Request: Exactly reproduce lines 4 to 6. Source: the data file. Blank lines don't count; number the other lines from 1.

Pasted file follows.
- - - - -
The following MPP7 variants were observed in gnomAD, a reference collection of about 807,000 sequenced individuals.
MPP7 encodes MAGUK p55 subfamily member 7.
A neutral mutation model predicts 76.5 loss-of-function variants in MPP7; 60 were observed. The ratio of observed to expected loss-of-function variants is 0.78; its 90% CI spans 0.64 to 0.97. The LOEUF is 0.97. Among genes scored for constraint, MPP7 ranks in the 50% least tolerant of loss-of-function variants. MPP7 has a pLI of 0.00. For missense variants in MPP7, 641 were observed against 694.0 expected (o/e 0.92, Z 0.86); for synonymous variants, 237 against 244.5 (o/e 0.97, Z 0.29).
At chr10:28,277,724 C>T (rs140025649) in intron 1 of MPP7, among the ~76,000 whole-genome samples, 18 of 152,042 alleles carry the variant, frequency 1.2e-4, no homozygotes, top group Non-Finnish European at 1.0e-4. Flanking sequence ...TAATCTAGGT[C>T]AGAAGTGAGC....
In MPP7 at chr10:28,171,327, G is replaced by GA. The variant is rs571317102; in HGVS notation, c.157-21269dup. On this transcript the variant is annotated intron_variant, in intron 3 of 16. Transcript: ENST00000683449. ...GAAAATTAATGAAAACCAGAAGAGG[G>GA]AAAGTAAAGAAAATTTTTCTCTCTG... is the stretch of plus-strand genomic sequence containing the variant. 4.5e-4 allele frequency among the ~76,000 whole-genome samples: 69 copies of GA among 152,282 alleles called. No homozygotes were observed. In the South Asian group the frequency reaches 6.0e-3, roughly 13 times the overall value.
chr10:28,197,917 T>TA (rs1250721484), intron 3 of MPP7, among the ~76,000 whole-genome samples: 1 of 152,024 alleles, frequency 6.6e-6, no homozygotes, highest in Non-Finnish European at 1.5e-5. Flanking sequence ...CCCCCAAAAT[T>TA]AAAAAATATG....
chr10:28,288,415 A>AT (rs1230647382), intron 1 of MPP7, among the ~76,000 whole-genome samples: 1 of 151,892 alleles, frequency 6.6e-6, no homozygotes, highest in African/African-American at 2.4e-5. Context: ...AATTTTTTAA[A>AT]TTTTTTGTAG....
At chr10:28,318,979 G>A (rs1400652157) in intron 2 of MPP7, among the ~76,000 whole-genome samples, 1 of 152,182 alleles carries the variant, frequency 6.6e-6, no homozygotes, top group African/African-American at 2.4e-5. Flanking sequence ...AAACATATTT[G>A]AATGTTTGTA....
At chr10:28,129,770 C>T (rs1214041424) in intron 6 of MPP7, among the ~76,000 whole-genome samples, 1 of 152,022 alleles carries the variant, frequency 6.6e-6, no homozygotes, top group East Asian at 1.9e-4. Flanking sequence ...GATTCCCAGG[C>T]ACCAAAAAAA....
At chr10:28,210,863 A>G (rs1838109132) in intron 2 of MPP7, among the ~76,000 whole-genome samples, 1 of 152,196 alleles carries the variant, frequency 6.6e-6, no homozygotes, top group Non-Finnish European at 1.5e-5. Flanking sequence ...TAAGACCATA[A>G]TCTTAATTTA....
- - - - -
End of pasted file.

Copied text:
At chr10:28,277,724 C>T (rs140025649) in intron 1 of MPP7, among the ~76,000 whole-genome samples, 18 of 152,042 alleles carry the variant, frequency 1.2e-4, no homozygotes, top group Non-Finnish European at 1.0e-4. Flanking sequence ...TAATCTAGGT[C>T]AGAAGTGAGC....
In MPP7 at chr10:28,171,327, G is replaced by GA. The variant is rs571317102; in HGVS notation, c.157-21269dup. On this transcript the variant is annotated intron_variant, in intron 3 of 16. Transcript: ENST00000683449. ...GAAAATTAATGAAAACCAGAAGAGG[G>GA]AAAGTAAAGAAAATTTTTCTCTCTG... is the stretch of plus-strand genomic sequence containing the variant. 4.5e-4 allele frequency among the ~76,000 whole-genome samples: 69 copies of GA among 152,282 alleles called. No homozygotes were observed. In the South Asian group the frequency reaches 6.0e-3, roughly 13 times the overall value.
chr10:28,197,917 T>TA (rs1250721484), intron 3 of MPP7, among the ~76,000 whole-genome samples: 1 of 152,024 alleles, frequency 6.6e-6, no homozygotes, highest in Non-Finnish European at 1.5e-5. Flanking sequence ...CCCCCAAAAT[T>TA]AAAAAATATG....